Friday, June 30, 2023

Planes and Roses

On Wednesday we had a day out and about.  The weather stayed dry until we were driving home when it absolutely cascaded down and the windscreen wipers were on overdrive most of the way.  

Firstly we visited the RAF Museum at Cosford.  There were lots of changes since our last visit.  I didn't take many photos this time.

Hawker Hind Trainer 
Boulton and Paul Defiant

 Wellington Bomber

Bomber Crew, the crew member with the dog was a rear gunner.

Spitfire PRXIX 1945

We then moved on just a mile or so to David Autstin Roses. It's really just behind Cosford's air field but you have to drive round to get there. 

  It was very busy so we didn't stay too long. 

I took photos of some of the roses that caught my eye.  It was hard to take general views as there were lots of visitors and no space in the cafe or garden for lunch.  It's a very popular place.

The Lion Garden although I didn't take a photo of the lion statue that gives the garden its name.

Renaissance Garden
 One of the avenues in the long garden.

I love all the different names of the Roses - Port Sunlight where we visited a few years ago when we stayed on the Wirral.
These smell of orange blossom.
The Poet's Wife has a lemon scent.

Tottering-by-Gently.  I really liked this one especially the name.  I feel I'm just tottering by lots of things at the moment.  Named after a cartoon by Annie Tempest which is apparently in the Country Life magazine.

Shropshire Lass - well we were in Shropshire- is a rose from 1968, the blooms fade gently from pale blush to pure white.

Gertrude Jekyll - a firm favourite with many including me.

Emily Bronte - such a delicate colour.

Sir John Betjeman - such a lovely colour.  I share a birthday with him.  Day and month not year of course.

Boscobel - had to include this as that's where we were off to next - it's just a few miles down a long and narrow but straight road.  We often call them Roman roads, perhaps they were.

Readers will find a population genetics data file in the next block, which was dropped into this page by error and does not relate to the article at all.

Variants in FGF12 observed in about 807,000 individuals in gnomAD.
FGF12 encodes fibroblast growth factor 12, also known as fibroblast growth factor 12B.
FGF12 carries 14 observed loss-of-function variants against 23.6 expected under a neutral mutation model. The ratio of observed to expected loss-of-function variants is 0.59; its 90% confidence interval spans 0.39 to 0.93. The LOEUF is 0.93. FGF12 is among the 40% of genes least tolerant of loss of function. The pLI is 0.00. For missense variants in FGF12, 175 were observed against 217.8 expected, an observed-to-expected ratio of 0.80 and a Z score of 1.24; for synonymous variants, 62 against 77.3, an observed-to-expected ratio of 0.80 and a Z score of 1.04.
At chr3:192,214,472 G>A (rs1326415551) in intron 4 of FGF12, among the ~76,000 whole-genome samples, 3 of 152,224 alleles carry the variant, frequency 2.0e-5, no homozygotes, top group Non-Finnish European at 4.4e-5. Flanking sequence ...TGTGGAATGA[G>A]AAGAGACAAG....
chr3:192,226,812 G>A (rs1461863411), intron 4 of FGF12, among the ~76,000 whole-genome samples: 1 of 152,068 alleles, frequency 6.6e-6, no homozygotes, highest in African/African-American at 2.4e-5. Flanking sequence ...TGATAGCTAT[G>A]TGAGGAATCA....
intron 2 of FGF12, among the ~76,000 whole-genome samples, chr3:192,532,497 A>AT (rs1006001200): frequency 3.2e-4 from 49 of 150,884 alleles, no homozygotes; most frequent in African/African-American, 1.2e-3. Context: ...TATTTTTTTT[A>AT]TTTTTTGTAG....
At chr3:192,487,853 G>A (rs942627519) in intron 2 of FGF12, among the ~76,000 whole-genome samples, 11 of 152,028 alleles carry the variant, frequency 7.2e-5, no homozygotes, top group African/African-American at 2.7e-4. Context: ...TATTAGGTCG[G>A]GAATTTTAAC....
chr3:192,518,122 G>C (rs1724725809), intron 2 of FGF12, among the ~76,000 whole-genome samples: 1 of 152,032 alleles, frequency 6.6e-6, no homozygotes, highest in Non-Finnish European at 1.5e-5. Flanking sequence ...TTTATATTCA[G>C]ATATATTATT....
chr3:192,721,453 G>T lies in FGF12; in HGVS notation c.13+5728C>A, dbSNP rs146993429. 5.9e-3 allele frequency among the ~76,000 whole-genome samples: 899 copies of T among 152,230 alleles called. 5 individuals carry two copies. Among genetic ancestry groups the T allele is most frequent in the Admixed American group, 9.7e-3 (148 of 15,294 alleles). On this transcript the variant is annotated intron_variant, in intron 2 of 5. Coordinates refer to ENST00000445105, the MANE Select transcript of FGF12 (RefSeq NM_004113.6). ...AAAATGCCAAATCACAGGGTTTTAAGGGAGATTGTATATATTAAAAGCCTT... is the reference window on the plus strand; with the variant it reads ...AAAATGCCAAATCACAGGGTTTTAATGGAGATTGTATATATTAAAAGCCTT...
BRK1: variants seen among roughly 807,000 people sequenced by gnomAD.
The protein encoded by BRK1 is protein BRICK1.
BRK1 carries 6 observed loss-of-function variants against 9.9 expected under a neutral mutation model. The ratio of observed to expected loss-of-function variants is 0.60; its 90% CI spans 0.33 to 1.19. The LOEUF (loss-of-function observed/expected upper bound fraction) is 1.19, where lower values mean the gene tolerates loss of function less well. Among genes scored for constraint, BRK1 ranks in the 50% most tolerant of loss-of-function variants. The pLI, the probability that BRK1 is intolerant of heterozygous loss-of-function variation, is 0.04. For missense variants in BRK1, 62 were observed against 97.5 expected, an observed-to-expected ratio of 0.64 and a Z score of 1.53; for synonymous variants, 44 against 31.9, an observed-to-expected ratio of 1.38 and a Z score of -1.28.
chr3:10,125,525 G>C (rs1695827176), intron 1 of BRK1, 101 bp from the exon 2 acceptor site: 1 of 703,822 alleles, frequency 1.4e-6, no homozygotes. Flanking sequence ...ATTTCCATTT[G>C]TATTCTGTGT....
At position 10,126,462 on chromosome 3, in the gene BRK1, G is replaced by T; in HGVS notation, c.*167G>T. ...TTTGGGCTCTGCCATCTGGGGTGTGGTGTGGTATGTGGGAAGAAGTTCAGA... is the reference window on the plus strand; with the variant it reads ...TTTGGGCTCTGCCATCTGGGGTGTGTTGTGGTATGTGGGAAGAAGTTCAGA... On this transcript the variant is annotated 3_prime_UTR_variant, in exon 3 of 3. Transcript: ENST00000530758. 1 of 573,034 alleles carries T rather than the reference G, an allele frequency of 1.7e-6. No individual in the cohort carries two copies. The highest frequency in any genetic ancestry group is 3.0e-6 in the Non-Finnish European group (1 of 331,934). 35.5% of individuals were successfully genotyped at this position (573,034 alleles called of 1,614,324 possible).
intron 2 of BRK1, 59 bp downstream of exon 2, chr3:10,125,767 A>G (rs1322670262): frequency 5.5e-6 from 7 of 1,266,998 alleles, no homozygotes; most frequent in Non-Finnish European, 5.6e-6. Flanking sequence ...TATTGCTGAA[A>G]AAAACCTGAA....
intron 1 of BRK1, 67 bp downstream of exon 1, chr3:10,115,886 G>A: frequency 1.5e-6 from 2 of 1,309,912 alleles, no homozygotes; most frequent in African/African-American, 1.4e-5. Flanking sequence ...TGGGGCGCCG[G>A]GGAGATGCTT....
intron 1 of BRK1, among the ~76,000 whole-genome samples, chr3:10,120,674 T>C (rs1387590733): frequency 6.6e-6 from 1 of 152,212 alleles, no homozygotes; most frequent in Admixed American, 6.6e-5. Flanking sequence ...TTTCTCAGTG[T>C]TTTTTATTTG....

Boscobel House

I think it deserves a separate post.

Monday, June 26, 2023

After the Rain

I was chatting to friends yesterday and they mentioned that I hadn't written a blog post for ages so I popped out into the garden yesterday evening after the rain had cleared away to take a few photos.  The garden looked  lush and green rather than dry and dusty.  

Reasons for not writing a post have been mostly the heat which causes a swollen foot and ankle if I sit too long but also the fact that whilst it has been hot we have been boxing up books and taking down the  book cases ready for some work that has to be done  in our living room. Asbestos has been found in the artex ceiling so it has to come out.  The room has to be completely cleared (nightmare) and sealed whilst the work is done.  This will happen in a couple of weeks time but we thought we'd start on the books and book cases as this is the hardest and largest part of the process.

Anyway back to the garden.

A long the path to the pond are the herbs, strawberries, gooseberries, potatoes and courgettes in the raised beds.  The sweet peas are in the potato bed and two tall great mulleins have appeared amongst the gooseberries.

Courgettes on the way.  Aubergines and peppers in the greenhouse as well as tomatoes. 

The tideist part of the garden with the top lawn newly cut.  The side lawns and the top areas have been left to grow through 'No Mow May' and still into June.